The new housing market is starting to send prospective homeowners into a frenzy. The question of whether or not they should be buying is starting to make many panic. The short answer to a long and complicated question is they shouldn’t, or at least they shouldn’t panic to buy now.
Yes, there is some truth to the idea that the presidents new jobs act might end up stimulating the economy and putting the housing market on the upward trend but if you are one of those people who have visions of insanely high priced real estate you should think again. There are many factors that have determined why there won’t be another surge in the market.
The first is the banks. Banks were a major culprit in the housing surge of the last decade and they are still a key ingredient for people looking to own, the reality now is that banks are not giving out mortgages the way they once were. The truth of the matter is that banks are very cautious and without mortgages being passed out like candy there is hardly the worry that people will be outpriced in their housing hunt.
The market sees the housing rates go up when there are plenty of buyers out there. While there are some buyers still on the line there are far more people who are choosing to wait rather than to buy. Renting is not something people are settling for, but rather it’s something that they are openly choosing for it’s variable cost and flexibility. So if you are thinking about buying but worried you’ll be priced out when you are ready, think again. Things have changed.
The rich are getting richer during recent corporate layoffs. Corporate big-wigs are getting huge bonuses after laying off hundreds, even thousands, of employees. How is that fair? See how much they got, and how many were laid off the same year a big payout was received by these bosses.
Well, so much for a good thing. It appears that Netflix is raising their rates. This means that the faithful subscribers to the premiere online movie rental service will have to pay increases in their fees. Some users could pay up to $72 dollars more a year changing Netflix from very affordable to questionable as a service.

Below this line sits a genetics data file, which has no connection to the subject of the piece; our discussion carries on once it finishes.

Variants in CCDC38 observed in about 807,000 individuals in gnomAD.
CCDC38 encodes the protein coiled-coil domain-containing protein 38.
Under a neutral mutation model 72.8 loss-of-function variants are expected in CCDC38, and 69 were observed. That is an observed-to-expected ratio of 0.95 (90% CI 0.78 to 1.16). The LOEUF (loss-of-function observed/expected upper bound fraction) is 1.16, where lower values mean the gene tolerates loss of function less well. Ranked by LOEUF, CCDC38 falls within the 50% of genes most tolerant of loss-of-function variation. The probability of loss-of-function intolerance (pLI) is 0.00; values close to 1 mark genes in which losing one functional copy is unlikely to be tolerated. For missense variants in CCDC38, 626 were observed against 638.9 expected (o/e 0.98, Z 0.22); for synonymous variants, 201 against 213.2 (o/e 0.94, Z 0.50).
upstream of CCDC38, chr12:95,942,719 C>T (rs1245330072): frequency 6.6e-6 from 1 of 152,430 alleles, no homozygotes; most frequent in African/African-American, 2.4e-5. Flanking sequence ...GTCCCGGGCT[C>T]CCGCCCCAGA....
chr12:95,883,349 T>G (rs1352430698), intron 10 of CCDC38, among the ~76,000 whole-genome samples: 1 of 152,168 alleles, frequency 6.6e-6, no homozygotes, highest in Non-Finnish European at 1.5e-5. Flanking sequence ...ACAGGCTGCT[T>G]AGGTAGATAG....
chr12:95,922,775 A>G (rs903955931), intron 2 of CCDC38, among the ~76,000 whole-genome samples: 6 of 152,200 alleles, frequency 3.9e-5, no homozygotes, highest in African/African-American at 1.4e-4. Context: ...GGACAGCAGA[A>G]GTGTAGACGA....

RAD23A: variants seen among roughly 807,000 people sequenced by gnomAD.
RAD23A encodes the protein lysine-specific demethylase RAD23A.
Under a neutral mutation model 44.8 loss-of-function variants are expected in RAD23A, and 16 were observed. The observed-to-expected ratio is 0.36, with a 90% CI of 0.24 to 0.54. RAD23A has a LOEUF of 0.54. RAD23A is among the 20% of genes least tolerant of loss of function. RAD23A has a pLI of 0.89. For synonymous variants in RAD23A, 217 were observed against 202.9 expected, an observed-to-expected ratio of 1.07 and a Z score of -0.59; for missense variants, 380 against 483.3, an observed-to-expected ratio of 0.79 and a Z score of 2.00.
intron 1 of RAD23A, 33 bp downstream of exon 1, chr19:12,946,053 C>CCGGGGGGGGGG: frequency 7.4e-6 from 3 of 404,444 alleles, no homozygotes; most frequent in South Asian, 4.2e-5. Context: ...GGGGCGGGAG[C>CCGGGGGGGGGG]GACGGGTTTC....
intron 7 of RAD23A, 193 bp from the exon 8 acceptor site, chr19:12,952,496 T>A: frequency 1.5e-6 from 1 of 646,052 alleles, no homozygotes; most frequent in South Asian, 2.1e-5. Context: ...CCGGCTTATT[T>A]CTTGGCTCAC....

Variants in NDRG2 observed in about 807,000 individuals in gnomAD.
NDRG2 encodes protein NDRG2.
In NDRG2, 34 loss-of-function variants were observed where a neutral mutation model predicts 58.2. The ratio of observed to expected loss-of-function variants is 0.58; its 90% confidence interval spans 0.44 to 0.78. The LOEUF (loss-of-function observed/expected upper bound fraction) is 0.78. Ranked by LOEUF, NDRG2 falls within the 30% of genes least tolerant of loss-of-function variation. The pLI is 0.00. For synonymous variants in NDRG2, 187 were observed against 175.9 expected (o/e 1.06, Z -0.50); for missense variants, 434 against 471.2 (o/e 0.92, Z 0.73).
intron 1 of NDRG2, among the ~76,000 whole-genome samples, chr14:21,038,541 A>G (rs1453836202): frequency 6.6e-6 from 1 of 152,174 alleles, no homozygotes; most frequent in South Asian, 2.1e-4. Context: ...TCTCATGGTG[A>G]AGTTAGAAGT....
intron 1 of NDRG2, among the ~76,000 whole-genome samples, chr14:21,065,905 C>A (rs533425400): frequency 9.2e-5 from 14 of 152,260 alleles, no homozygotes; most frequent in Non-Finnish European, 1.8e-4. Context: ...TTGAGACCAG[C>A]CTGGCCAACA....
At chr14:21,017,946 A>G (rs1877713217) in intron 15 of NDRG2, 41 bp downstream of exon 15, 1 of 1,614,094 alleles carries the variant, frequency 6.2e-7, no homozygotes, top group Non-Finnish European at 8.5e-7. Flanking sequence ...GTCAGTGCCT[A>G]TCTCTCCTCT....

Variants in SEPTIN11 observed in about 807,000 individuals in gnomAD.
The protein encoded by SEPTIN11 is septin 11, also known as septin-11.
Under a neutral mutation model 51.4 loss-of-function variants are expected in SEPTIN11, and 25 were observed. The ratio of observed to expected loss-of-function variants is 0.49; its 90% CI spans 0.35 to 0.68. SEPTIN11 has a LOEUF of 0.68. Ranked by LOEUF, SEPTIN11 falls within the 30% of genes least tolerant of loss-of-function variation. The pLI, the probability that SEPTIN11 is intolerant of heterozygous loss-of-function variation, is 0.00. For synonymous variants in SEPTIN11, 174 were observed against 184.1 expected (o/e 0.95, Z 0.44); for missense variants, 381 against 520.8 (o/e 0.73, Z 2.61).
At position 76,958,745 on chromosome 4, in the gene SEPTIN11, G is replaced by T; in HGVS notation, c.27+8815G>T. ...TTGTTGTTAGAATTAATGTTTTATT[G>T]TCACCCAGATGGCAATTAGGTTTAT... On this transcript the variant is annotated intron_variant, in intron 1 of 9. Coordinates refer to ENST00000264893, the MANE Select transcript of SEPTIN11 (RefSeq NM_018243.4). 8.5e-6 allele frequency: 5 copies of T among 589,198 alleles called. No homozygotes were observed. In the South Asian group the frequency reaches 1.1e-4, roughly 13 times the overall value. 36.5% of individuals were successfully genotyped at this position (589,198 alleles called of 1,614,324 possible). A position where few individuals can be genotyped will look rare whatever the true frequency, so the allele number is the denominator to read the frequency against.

Now, this isn’t anything new as we have all seen a recent rise in the amount of money people are paying for online subscriptions but it does leave the subscribers in a familiar place and one that ends up getting them in trouble. While Netflix isn’t the online service of it’s kind, it’s the one that people are used to and therefore it’s likely not to encourage people to bring their business elsewhere.
The word for this? Lazy. There are many lazy consumers out there who don’t want to do with a temporary hassle for a long term gain. It’s a shame but it’s the way that people are and it’s paramount to the reason why a company like Netflix can raise their rates. They know that the consumers who are with them won’t bother to find a cheaper alternative and the prospective customers won’t go ahead and do the searching to find an alternative either.
It’s this kind of lazy consumerism that has had a big effect on people in the homes. It’s about not taking the effort to protect their home budget and instead just allowing rate hikes and putting themselves in a bit of financial peril. The reality is that a company like Netflix will continue to raise their rates as long as there isn’t a competitive second company. And consumers will keep allowing it to happen.
Vice President Joe Biden will take another trip to Capitol Hill Wednesday for his second budget negotiating session of the week.
The Biden group met for several hours Tuesday before Biden headed to Chicago for an early evening speech.
The Biden group will meet at 2 p.m. Wednesday. It is also expected to meet Thursday and possibly Friday.
August isn’t just the deadline for the Treasury’s “extraordinary measures”: it’s also the month when these firms will likely request another multi-billion dollar cash infusion
A lot is written these days about the debt ceiling fight. Lots of articles also continue to bemoan the bailout of mortgage financiers Fannie Mae and Freddie Mac. Yet these two pet topics of economic and business commentators tend not to intersect. But they could in a few months. Every quarter, Fannie and Freddie go to the Treasury with their latest need for a cash infusion. Their next scheduled request will be in August — the same month when the Treasury’s “extraordinary measures” are set to dry up. Will Fannie and Freddie make the situation even more difficult for the Treasury if the debt ceiling isn’t raised by that time?
Growth in global gold demand is indeed rapid. And another decade of quintupling prices isn’t a certainty. But neither of those facts mean gold is a “bubble” today.
In fact, anyone calling gold a bubble right now is talking through their hat – at best. Take these jokers, for instance, all holding forth in the last month…
Myth #1. “Gold is a crowded trade”
The finance pages are packed with gold headlines, but actual investment levels remain low. In the early 1980s, private-bank clients were expected to hold 3% of their wealth in gold, many times the 0.5% allocation seen across the finance industry today. Even in the bullion market itself, three-quarters of the 500-plus analysts and traders attending last autumn’s LBMA conference in Berlin said they held as little as nothing (“Between 0% and 10%”) of their savings in precious metals. Saturation is a long way off.